Two leading scholars in the areas of global Indigenous environmental studies are joining the Native American and Indigenous Studies (NAIS) program in the College of Arts and Sciences | Maxwell School of Citizenship and Public Affairs (A&S | Maxwell). Mariaelena Huambachano, assistant professor…
Campbell to discuss ‘Barack Obama and 21st Century Politics’ Nov. 1 as part of new campus series
The African American Studies Department (AAS) in The College of Arts and Sciences, and the Student African American Society (SAS) are launching a new series, “SAS Meets AAS.” The first event in the series will take place on Monday, Nov. 1, with a discussion of Horace Campbell’s new book “Barack Obama and 21st Century Politics: A Revolutionary Moment in the USA” (London: Pluto Books, 2010).
In a timely event just a day before the elections, Campbell will discuss “Barack Obama and 21st Century Politics” in room 304 of the Schine Student Center at 7 p.m. The event is free and open to the public; light refreshments will be served.
In “Barack Obama and 21st Century Politics” Campbell, professor of African American Studies and political science at Syracuse University, draws from the revolutionary traditions of society—especially those of Thomas Paine in one era, and Harriet Tubman and Frederick Douglass in their relationship with Abraham Lincoln—to argue that Obama is not a revolutionary, but similar to the period of Lincoln, was caught in a revolutionary moment.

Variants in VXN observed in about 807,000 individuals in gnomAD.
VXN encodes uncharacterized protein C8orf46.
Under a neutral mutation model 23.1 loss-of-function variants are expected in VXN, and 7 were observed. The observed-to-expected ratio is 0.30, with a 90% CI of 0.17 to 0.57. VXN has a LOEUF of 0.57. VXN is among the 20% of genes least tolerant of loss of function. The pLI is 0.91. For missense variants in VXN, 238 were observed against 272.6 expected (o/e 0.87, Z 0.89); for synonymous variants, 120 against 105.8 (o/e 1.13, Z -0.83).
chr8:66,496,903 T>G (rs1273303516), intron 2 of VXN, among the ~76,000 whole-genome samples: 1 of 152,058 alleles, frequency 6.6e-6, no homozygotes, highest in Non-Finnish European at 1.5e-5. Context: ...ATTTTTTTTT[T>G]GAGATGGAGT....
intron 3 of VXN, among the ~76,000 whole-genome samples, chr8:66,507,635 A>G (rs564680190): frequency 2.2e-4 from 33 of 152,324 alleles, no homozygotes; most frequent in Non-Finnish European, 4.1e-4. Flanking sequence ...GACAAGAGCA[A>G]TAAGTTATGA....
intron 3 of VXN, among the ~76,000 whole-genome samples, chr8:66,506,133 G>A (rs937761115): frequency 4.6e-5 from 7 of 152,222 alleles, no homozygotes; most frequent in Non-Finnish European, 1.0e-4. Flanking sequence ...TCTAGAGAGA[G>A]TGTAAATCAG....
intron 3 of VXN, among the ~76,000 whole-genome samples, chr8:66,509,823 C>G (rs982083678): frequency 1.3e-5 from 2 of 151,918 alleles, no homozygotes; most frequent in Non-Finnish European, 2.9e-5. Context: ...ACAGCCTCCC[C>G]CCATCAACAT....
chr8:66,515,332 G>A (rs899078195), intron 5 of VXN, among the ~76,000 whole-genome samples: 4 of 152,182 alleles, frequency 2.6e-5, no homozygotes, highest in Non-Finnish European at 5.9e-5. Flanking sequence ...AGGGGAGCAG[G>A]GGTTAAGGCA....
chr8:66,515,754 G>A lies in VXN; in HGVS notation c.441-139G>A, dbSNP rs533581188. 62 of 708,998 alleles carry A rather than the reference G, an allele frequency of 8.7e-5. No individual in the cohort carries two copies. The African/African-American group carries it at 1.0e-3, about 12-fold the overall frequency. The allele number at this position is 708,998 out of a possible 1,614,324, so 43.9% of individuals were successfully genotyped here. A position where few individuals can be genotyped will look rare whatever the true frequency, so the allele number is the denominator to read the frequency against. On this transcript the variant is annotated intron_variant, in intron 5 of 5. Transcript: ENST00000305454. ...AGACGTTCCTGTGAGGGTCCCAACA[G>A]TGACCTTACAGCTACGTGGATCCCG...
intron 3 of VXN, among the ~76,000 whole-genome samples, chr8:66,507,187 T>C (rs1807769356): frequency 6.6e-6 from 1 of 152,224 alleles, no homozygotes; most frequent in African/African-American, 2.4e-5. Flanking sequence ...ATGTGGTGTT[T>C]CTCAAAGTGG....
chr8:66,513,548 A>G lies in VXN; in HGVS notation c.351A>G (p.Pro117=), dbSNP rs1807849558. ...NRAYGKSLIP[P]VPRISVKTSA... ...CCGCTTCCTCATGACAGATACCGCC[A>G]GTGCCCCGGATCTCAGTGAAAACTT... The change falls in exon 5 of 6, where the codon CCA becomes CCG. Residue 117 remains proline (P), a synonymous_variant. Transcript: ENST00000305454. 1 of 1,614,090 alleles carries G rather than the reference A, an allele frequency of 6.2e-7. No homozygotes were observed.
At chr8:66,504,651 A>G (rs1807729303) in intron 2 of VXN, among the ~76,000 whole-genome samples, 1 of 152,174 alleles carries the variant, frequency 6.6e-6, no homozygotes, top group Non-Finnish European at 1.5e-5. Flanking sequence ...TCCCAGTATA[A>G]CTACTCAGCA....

“Barack Obama and 21st Century Politics” examines the organizational capacity through “networks of networks,” and the accompanying message of optimism, both of which were required for a quantum leap in 21st century politics in the 2008 electoral campaign. Situated in the context of the agency of new social forces galvanized in the 2008 electoral season, the book develops a theory of politics that starts with the humanist principles of ubuntu—healing and reparations for the 21st century. It argues that key ideas like quantum politics and a ‘network of networks’ move away from old forms of vanguardism during a period in history that can be characterized as a revolutionary moment.
This first event of the new series “SAS Meets AAS” is also the kick-off event for “Black Solidarity Week,” sponsored annually by SAS .
For more information about the event or Black Solidarity Week, contact Donald St. Germain at firstname.lastname@example.org.